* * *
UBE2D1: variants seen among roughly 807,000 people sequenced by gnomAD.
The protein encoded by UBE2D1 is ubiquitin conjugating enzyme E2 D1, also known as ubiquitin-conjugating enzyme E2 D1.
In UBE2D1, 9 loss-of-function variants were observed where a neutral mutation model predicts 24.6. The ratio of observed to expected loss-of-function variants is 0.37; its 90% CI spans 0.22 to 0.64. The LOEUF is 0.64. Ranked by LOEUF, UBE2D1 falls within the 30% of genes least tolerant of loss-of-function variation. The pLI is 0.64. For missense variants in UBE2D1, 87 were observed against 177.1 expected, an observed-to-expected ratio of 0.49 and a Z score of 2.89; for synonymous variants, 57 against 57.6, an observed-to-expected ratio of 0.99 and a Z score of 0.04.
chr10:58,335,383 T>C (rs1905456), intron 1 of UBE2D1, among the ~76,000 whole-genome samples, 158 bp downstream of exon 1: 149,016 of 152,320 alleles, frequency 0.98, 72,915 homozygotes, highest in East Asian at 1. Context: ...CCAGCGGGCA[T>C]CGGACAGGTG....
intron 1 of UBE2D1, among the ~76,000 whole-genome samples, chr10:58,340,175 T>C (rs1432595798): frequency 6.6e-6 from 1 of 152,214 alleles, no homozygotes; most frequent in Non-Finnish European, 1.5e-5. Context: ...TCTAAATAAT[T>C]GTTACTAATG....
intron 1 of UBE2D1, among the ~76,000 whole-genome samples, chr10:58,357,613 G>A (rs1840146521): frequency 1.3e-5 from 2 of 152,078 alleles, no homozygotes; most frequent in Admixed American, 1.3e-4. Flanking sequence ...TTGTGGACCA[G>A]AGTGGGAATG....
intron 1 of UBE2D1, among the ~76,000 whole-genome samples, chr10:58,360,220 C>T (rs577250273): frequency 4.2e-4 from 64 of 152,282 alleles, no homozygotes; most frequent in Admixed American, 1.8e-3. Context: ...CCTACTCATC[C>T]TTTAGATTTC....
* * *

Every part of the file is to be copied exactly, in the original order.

UBE2D1: variants seen among roughly 807,000 people sequenced by gnomAD.
The protein encoded by UBE2D1 is ubiquitin conjugating enzyme E2 D1, also known as ubiquitin-conjugating enzyme E2 D1.
In UBE2D1, 9 loss-of-function variants were observed where a neutral mutation model predicts 24.6. The ratio of observed to expected loss-of-function variants is 0.37; its 90% CI spans 0.22 to 0.64. The LOEUF is 0.64. Ranked by LOEUF, UBE2D1 falls within the 30% of genes least tolerant of loss-of-function variation. The pLI is 0.64. For missense variants in UBE2D1, 87 were observed against 177.1 expected, an observed-to-expected ratio of 0.49 and a Z score of 2.89; for synonymous variants, 57 against 57.6, an observed-to-expected ratio of 0.99 and a Z score of 0.04.
chr10:58,335,383 T>C (rs1905456), intron 1 of UBE2D1, among the ~76,000 whole-genome samples, 158 bp downstream of exon 1: 149,016 of 152,320 alleles, frequency 0.98, 72,915 homozygotes, highest in East Asian at 1. Context: ...CCAGCGGGCA[T>C]CGGACAGGTG....
intron 1 of UBE2D1, among the ~76,000 whole-genome samples, chr10:58,340,175 T>C (rs1432595798): frequency 6.6e-6 from 1 of 152,214 alleles, no homozygotes; most frequent in Non-Finnish European, 1.5e-5. Context: ...TCTAAATAAT[T>C]GTTACTAATG....
intron 1 of UBE2D1, among the ~76,000 whole-genome samples, chr10:58,357,613 G>A (rs1840146521): frequency 1.3e-5 from 2 of 152,078 alleles, no homozygotes; most frequent in Admixed American, 1.3e-4. Flanking sequence ...TTGTGGACCA[G>A]AGTGGGAATG....
intron 1 of UBE2D1, among the ~76,000 whole-genome samples, chr10:58,360,220 C>T (rs577250273): frequency 4.2e-4 from 64 of 152,282 alleles, no homozygotes; most frequent in Admixed American, 1.8e-3. Context: ...CCTACTCATC[C>T]TTTAGATTTC....